Being from another country, a majority of my family resides in Chile, so every couple of years one of my grandparents would visit us and bring gifts, or while they were here, they would buy gifts for us. I never really saw the true importance of their visits until I was around 10 years old when my grandpa had bought me ice skates, which led to about two or three years of lessons, shows and techniques that I always got the hang of. He also always had me teach him English words and help him form sentences when he was stumped.

Screen Shot 2016-02-25 at 3.29.31 PMWhen they left, I remember being devastated. I had promised myself to be more appreciative when relatives were here because they were traveling 8,000 miles and an overnight flight just to be with us. This happened all the time until summer 2015 when my parents bought us tickets to visit the homeland once and for all for the first time since 2000.

I never realized how horrible layovers and red-eye flights could be. I remember sweating in the Atlanta heat while we waited an entire nine hours before getting on our 10-hour flight. Once we finally arrived, we had to board yet another plane that took about three hours to get to my hometown, Arica.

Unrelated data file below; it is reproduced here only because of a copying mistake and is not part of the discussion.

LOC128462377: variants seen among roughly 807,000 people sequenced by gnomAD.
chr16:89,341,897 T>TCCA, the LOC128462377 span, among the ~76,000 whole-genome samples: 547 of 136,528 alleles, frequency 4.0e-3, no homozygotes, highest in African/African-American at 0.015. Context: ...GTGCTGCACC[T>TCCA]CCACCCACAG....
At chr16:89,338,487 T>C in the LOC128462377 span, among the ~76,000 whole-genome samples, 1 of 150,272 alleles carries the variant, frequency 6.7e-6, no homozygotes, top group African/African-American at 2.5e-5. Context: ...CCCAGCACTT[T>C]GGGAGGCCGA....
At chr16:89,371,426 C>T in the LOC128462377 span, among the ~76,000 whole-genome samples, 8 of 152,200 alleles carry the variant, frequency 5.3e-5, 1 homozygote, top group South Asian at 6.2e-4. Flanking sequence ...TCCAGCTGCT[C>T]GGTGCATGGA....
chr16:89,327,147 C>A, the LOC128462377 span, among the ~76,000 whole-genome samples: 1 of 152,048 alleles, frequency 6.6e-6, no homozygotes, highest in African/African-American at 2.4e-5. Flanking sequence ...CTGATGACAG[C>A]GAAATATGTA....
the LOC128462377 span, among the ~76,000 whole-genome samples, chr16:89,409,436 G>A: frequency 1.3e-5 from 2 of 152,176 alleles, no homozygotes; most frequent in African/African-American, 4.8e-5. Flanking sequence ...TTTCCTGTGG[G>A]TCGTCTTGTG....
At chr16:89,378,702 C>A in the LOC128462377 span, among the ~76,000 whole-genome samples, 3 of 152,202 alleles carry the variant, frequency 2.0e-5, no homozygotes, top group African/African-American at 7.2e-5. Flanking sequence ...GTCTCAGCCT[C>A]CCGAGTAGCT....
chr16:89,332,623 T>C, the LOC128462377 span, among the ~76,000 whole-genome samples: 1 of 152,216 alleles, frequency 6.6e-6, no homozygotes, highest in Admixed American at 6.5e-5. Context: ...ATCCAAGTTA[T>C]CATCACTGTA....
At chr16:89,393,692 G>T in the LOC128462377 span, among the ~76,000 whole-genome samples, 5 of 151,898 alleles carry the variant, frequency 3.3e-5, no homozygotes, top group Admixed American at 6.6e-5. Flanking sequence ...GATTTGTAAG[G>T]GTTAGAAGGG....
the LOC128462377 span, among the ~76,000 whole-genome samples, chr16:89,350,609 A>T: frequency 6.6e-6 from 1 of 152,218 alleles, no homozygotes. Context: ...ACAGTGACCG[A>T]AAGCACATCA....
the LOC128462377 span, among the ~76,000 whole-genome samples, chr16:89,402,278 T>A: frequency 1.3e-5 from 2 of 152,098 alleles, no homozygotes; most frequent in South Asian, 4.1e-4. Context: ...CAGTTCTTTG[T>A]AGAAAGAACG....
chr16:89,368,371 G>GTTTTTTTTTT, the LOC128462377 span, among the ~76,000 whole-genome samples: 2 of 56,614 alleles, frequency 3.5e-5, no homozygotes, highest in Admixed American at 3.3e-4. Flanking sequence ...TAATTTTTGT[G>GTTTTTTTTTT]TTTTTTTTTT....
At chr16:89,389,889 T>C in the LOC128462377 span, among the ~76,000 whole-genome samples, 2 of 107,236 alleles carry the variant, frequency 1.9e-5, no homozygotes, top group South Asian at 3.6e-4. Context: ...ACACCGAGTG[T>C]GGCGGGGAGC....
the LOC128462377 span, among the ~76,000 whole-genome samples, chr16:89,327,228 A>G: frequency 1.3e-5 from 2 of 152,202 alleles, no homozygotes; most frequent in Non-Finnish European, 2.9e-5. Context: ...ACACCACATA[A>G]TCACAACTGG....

At the airport both my grandmas were there, and then I was hit with all of these nostalgic feelings, being stuck in a wave of emotions as I looked at everybody. This was the moment I was finally looking forward to for 15 years. I couldn’t have been happier. Two weeks into being there, we all had a family reunion for my parents’ vow renewals. Meeting all of the cousins I was hearing about for years was also so emotional because we got along so well, and they always remembered me, but I could never remember them.

Unfortunately, after living in the United States for so long, my Spanish isn’t the best. I can understand what everybody is saying, and I know all of the words, but forming a sentence myself is such a struggle. I can speak in simple sentences and some complex sentences in Spanish class, but I feel I’m more comfortable in a class where everyone else is struggling with some words or how to speak grammatically correct rather than with 20 family members expecting me to speak as they all stared at me while I was struggling to speak a comprehensible sentence.